William Ding (b 20th November 1854 Papworth St Everard [Cambridgeshire], d 24th November 1893 Pernambuco) was British Consular Chaplain in Pernambuco. He died aged 38 of Yellow Fever which he contracted while taking Holy Communion with a sick parishioner. His wife Elizabeth was on board ship with their young children William Rowland (8 years old, b 1885) and Doris Mary (3 years old, b 1890) en route to Brazil when he became ill. He died only days after her arrival. She was 36 (Elizabeth Isabella née Lowe b 1856, m 2nd November 1884, d 1944).
See: “Power & Duff”
Violet Madoline Dunlop (b 22nd June 1872 Castlereagh [Belfast], m Elliott Hill 1898, d 20th August 1947 Belfast). She was the daughter of Dr Archibald Dunlop and Elizabeth who were listed as residing in Holywood, Co Down in the 1901 Census. Violent went to school with Ada Boxwell.
Harry George Estill
“. . . a fellow called Estil, who lives with Youles in Rio, . . .” was probably Harry George Estill (b 14th November 1866 Madras [India]). He grew up in Lancashire but lived most of his adult life in Brazil working as a coffee exporter. In 1897 Harry married a woman 5 years older than him (Edith Jeavons) in Hounslow (he was then 30 and already listed as resident in Rio de Janeiro). They both died in Rio de Janeiro; she on 20th August 1932 and he on 10th May 1955.
John C Eggers was a commission agent for German trading houses in Bahia (as listed in the 1899 Bahia Registry). He was born on 28th May 1860 in Buxtehude, Hanover, but became a naturalized US citizen in 1882, the same year he married Antonia Meister of Chicago.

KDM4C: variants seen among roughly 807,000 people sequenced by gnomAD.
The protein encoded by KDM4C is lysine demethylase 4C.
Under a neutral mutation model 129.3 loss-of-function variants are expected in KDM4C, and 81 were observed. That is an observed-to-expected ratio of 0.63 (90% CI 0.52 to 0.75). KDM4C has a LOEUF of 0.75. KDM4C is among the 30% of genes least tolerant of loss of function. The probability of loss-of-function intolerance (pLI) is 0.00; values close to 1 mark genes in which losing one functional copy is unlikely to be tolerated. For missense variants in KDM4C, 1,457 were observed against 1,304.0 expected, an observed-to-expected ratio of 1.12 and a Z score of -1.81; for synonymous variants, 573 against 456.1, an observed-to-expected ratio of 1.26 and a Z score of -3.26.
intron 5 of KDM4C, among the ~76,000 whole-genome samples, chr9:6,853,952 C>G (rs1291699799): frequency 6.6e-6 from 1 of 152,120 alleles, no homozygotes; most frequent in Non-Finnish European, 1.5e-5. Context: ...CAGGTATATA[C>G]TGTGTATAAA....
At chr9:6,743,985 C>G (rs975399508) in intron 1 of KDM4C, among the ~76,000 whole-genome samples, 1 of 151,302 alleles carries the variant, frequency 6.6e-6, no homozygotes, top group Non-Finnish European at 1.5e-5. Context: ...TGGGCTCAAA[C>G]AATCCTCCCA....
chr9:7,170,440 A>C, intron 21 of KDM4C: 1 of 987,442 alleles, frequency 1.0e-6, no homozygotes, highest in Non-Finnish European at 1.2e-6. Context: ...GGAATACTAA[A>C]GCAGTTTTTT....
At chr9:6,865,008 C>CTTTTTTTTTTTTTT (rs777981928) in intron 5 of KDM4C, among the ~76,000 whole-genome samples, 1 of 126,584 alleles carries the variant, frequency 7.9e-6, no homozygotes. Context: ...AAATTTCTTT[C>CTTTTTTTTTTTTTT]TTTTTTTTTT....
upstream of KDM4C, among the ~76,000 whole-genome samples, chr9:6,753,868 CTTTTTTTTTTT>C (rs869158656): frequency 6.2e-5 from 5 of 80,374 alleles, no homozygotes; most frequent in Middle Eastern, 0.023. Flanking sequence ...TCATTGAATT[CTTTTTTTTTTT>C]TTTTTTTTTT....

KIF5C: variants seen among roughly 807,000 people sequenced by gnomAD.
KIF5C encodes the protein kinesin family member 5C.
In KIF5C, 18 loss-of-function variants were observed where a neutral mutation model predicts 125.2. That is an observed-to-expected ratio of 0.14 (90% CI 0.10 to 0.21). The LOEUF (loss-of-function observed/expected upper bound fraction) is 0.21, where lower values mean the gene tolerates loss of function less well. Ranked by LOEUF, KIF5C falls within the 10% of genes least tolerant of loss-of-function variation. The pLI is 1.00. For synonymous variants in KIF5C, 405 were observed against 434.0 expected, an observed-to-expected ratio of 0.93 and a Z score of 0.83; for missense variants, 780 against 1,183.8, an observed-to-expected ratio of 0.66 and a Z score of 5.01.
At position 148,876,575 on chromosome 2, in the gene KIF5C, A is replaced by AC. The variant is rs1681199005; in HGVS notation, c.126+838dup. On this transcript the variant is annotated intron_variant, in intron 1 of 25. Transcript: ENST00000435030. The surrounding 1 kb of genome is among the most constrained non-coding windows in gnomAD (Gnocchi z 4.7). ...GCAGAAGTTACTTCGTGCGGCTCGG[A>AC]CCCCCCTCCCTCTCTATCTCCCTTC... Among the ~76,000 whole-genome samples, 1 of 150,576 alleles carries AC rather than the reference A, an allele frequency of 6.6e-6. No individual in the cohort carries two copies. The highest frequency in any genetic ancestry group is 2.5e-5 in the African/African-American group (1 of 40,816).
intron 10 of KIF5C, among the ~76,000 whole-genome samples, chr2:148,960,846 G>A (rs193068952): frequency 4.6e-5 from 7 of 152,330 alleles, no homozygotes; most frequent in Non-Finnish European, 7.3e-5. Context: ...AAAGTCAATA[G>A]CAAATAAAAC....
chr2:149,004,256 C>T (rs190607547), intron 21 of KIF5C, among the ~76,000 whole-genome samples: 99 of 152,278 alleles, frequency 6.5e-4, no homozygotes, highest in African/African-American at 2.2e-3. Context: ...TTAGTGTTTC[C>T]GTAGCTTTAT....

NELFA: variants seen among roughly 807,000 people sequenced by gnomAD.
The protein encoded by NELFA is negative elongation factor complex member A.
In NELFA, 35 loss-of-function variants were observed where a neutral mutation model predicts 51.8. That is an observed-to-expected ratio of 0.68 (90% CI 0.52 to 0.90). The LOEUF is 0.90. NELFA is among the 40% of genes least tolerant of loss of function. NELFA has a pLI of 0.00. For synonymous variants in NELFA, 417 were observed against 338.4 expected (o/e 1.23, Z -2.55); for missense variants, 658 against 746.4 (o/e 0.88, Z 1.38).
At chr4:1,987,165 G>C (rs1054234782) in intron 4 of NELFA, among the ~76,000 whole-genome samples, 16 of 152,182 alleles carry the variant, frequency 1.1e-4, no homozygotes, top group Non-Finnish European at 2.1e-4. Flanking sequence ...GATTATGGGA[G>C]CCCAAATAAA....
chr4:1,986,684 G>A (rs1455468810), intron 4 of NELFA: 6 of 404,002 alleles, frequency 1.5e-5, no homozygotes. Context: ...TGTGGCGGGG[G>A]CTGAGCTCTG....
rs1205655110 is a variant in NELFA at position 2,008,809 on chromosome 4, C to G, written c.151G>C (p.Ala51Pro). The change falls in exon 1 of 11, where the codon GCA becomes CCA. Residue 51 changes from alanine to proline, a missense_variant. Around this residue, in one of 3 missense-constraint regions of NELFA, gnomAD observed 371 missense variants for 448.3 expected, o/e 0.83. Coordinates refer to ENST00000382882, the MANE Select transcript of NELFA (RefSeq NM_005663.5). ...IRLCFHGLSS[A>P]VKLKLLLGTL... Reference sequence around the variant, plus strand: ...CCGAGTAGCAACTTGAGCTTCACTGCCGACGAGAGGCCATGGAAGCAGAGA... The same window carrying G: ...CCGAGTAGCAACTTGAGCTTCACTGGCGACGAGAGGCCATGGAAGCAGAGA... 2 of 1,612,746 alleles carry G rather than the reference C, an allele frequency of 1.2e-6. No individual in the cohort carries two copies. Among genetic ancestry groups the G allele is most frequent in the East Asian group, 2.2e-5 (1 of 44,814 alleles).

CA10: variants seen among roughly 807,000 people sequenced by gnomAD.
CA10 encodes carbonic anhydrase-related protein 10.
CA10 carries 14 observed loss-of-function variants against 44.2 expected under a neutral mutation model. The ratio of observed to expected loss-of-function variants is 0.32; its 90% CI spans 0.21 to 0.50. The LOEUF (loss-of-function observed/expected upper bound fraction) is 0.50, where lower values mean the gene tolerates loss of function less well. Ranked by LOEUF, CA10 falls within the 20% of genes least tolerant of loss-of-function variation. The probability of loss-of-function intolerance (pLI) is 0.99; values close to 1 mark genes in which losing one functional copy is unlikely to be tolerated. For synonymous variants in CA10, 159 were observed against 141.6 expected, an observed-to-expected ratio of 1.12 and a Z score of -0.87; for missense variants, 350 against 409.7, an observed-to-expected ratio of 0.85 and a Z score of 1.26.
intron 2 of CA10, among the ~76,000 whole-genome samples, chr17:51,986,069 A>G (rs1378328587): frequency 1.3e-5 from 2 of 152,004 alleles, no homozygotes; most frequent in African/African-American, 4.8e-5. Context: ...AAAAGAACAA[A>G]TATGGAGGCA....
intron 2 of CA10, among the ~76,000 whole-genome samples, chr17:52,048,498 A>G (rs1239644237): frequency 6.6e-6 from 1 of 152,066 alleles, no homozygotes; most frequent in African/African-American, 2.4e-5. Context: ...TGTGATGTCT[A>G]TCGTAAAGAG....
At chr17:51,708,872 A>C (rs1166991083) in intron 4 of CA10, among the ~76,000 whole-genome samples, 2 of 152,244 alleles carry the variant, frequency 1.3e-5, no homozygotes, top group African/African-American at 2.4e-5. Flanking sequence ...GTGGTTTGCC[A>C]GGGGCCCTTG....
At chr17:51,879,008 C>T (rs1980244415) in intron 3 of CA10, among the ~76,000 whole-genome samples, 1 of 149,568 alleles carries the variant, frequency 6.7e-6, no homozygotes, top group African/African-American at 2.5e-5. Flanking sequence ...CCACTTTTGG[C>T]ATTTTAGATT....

Carl Fensohn (b 20th September 1850 Hamburg, d 1st June 1942 Curaçao). He was the German Consul in Curaçao, “acting as agent for the Red D Line and who as such was one of the leading businessmen on the island.” Carl married Marianna Léonore née Esteva (b 24th February 1862 Paris) in Curaçao on 23rd February 1881. He was a secret German agent in World War II: https://udspace.udel.edu/bitstream/handle/19716/7896/mss0109_1930-00.pdf See also “Rivas Fensohn & Co”
“Harry” and “Bob” Fuhr were the sons of Ernest Augustus Fuhr and Dorothea Hannay (b 1836, d 1894). Dorothea was the daughter of Robert Strickland Hannay MD of Lurgan (d 21st June 1894). She and Earnest married on 9th December 1863 in Shankill, Armagh. They had a very large family ranging in age from older to younger than those of Julius and Jane. In 1880 they lived at 1 Mount Pleasant, Strandmillis Road (9 minutes walk from Lennoxvale), and in 1901 one unmarried daughter lived in 52 Malone Avenue (4 minutes walk away).
“Harry” Fuhr was Henry Augustus Robert Fuhr, “civil engineer”, (b 17th May 1868 Belfast, d 1942 King William’s Town, Cape Colony, South Africa). He was four years younger than JMcC. Harry married Marie Elise Knox-Niven in South Africa on 30 July 1895. Her grandfather Richard Niven came from Lisburn (The Belfast Newsletter 5th August 1895). He was mentioned on the List of Associate Members of The Institution of Civil Engineers in 1900, with the date of his election showing as 5th December 1893.